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Spiritual sites attract larger flock

In today's go-go world of Blackberries and instant messaging, the virtual religious experience is catching on, with legions of people logging onto religious sites.

After his morning commute but before he embarks on a hectic day as a health care worker, Robert Turner flips on his computer and gets a small slice of spirituality.

First, he encounters the "God is Light" screensaver he downloaded from the site. Then he reads a daily inspiration from a Web page designed to deepen his devotion.

"I can focus on the Lord first," Turner, 43, a father of four living outside of Charleston, S.C., said of his quick morning ritual. "I start my day that way. It's kind of symbolic."

In today's go-go world of Blackberries and instant messaging, the notion of a virtual religious experience is catching on with many people--from the churchgoer such as Turner, who augments weekly services and daily prayers with an injection of daily cyber-scripture, to the agnostic Generation Xer considering a less traditional approach to spirituality.

In fact, legions of the deeply faithful and the merely curious are logging onto religious sites at an increasing pace. Whether to study a religion, learn meditation, or find a like-minded mate, people are scouring the Web for spiritual information.

A recent study by the Pew Internet and American Life Project found that one in four Web surfers looks for religious content. Last week, research firm Jupiter Media Metrix noted that more spiritual sites are showing up on its most-popular list. Also last week, the Pope devoted an entire speech to the prospects and dangers of the Web while urging his followers to get wired.

Religious options on the Web are seemingly as vast as the medium itself. Mom-and-pop operations post daily meditations and screen movies for "objectionable" content. Religion-specific portals including IslamiCity, and Hindu Universe provide online communities and answer questions about faith. Wiccan and pagan chat rooms are bursting at the seams.

What's more, religion-specific dating services such as JDate, a Jewish site boasting 300,000 members, sponsor singles events and link those looking for love in cities from New York to San Francisco.

And large nondenominational sites such as Beliefnet have taken online religion to a new level, providing meditation guides, prayer circles, columns and daily news--while trying to make a few bucks in the process.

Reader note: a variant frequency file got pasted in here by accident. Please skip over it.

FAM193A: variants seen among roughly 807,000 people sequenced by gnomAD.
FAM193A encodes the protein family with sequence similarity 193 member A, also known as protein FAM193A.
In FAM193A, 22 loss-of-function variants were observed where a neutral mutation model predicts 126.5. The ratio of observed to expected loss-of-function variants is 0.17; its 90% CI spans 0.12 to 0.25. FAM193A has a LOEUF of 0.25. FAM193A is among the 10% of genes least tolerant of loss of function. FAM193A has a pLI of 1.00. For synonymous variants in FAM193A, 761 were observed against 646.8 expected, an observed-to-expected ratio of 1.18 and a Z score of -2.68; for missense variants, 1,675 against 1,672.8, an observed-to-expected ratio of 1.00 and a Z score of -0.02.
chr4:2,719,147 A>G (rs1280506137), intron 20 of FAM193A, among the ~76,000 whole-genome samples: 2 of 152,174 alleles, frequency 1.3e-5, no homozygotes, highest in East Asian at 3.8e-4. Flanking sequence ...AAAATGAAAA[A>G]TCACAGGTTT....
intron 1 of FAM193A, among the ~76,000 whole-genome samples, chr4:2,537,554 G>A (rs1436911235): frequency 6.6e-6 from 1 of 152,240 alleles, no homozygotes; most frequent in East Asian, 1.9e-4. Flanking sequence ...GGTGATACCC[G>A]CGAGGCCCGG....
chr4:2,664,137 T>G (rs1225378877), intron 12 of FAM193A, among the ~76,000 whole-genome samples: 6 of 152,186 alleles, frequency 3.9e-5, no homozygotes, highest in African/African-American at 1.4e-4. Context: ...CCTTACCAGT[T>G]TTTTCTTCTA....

The Web's ability to provide individualized, anonymous, immediate gratification is transforming spirituality as we know it--allowing people to post questions they might be afraid to ask in person, or to explore a religion outside of the mainstream.

"It's clear that the Web is a profoundly useful tool for people who are interested in spiritual matters," said Steve Waldman, who founded Beliefnet. "The Web enables you to explore other people's faith or your own faith safely."

Show of faith
A surprisingly large number of spiritual sites are volunteer efforts.

Steven Greydanus estimates he spends about 25 hours a week reviewing films and posting information on Decentfilms, his volunteer site that filters movies through a Christian lens. "It was something I wish someone else would do, but no one else was doing it," he said.

Greydanus' wife uses the Web to get information, both secular and religious, for homeschooling his three children.

One of the most popular spiritual sites of late is, which posts movies that pair serene songs and scenes of mountains, woods and deer with scripture passages. Creator Scott Kinney launched the site last summer; he said traffic soared after President Bush gave a Nov. 8 speech, in which he noted that victims of the Flight 93 crash had said the Lord's Prayer before the plane went down. A day earlier, Kinney had posted a new movie called "The Lord's Prayer."

Kinney said his traffic soon began doubling nearly every day. In December, his site attracted 617,000 visitors, according to Jupiter Media Metrix. Kinney, who works for an Arkansas-based Christian greeting-card company affiliated with Hallmark, said the growth is mainly the result of word-of-mouth promotion, something that's surprised him as much as anyone.

"I wanted to be able to provide something to people as a tool, as a comfort," he said, adding that he learned "if you provide something that really connects with people, you don't have to tell a soul. They'll come to you."

The popularity of spiritual sites is good news for modern-day religions, said Tom Beaudoin, an adjunct professor at Boston College's theology department and author of "Virtual Faith: The Irreverent Spiritual Quest of Generation X."

"It still means people are hungry. It still means people are curious," Beaudoin said.

He added the growth of online spirituality mirrors the growth of spirituality in popular culture.

"These days, spirituality is something that's highly personal, usually noninstitutional and something that someone cuts and pastes from different aspects of different religions," he said. "The Web is perfectly positioned to cater to that."

However, Beaudoin said it's unlikely virtual spirituality will replace real-world congregations anytime soon. "This is a technology, unlike the architecture of a church, that encourages aloneness," he said of the Internet. "If all you have is the Web, then you don't have a fully human experience of the spiritual life."